ZAMBIA – Zambia’s maize production for 2017/18 will fall 34% to 2.39 million metric tonnes as compared to the previous year largely impacted by drought, according to Agriculture Minister Michael Katambo who based the report on a government survey.
According to the minister, farmland under corn fell to 1.39 million hectares from 1.64 million hectares in the previous season while country held carry-over stocks of 844,244 tons as at May 1 and will have sufficient corn for both human and industrial use in 2018-19.
The drought-hit Southern Africa is battling with fall armyworms, said to have ravaged thousands of hectares of maize crop, all factors sending food prices on a rise.
Even as the region recovers from the drought, their effects brought prolonged fears of food shortages and inflation with prices of maize, a staple food, being about 50% above the five-year average in July 2017, reported FAO.
In February 2017, FAO reported that Southern Africa was reeling from the effects of two consecutive years of El Niño-induced drought that affected over 40 million people, reduced food availability by 15% and caused a cereal deficit of 9 million tonnes.
The pests are brown caterpillars first reported in west and central Africa at the start of 2016 and have spread into Burundi, Zambia, Zimbabwe and Malawi.
Though maize was the most affected, other crops whose prospects for good harvest have been dampened by both drought and pests include sorghum, millet and wheat.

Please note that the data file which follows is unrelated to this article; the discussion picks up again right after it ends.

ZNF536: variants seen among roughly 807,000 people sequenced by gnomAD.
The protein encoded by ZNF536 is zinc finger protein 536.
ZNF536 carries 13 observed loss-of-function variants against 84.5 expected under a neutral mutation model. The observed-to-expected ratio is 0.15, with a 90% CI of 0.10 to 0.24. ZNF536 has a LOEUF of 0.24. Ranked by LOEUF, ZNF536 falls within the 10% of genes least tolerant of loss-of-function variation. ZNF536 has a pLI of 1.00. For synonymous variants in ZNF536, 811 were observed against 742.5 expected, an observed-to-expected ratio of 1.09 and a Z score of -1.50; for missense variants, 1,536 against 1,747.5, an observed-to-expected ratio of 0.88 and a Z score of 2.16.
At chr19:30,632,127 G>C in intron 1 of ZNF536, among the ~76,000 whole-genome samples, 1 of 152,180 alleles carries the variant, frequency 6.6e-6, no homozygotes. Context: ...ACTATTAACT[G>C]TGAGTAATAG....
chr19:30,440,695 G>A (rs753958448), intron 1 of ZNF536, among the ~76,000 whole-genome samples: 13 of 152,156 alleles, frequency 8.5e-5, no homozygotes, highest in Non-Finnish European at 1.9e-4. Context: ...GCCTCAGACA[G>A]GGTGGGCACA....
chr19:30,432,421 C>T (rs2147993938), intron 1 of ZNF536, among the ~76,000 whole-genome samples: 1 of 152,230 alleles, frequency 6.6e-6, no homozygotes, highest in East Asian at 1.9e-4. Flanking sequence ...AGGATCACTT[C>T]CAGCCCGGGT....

“Dry spells have negatively affected the production of some crops in the country. In addition, we had reports of army worms and stalk borers attacking maize fields,” the ministry of agriculture said in a statement.
Katambo also added that wheat output is seen falling by about 40% to nearly 114,500 tons, while soybean production could decline to 302,720 tons from 351,416 tons in the last season.
To enhance maize production and ensure strategic reserves for maize in 2017, the Food Reserve Agency (FRA) said it was buying 500,000 metric tonnes of maize from farmers.
Maize export from Zambia has been difficult due to regulations and trading conditions put in place by the government to ensure enough reserves for local consumption, something stakeholders have railed against as having discouraged investments in the sector.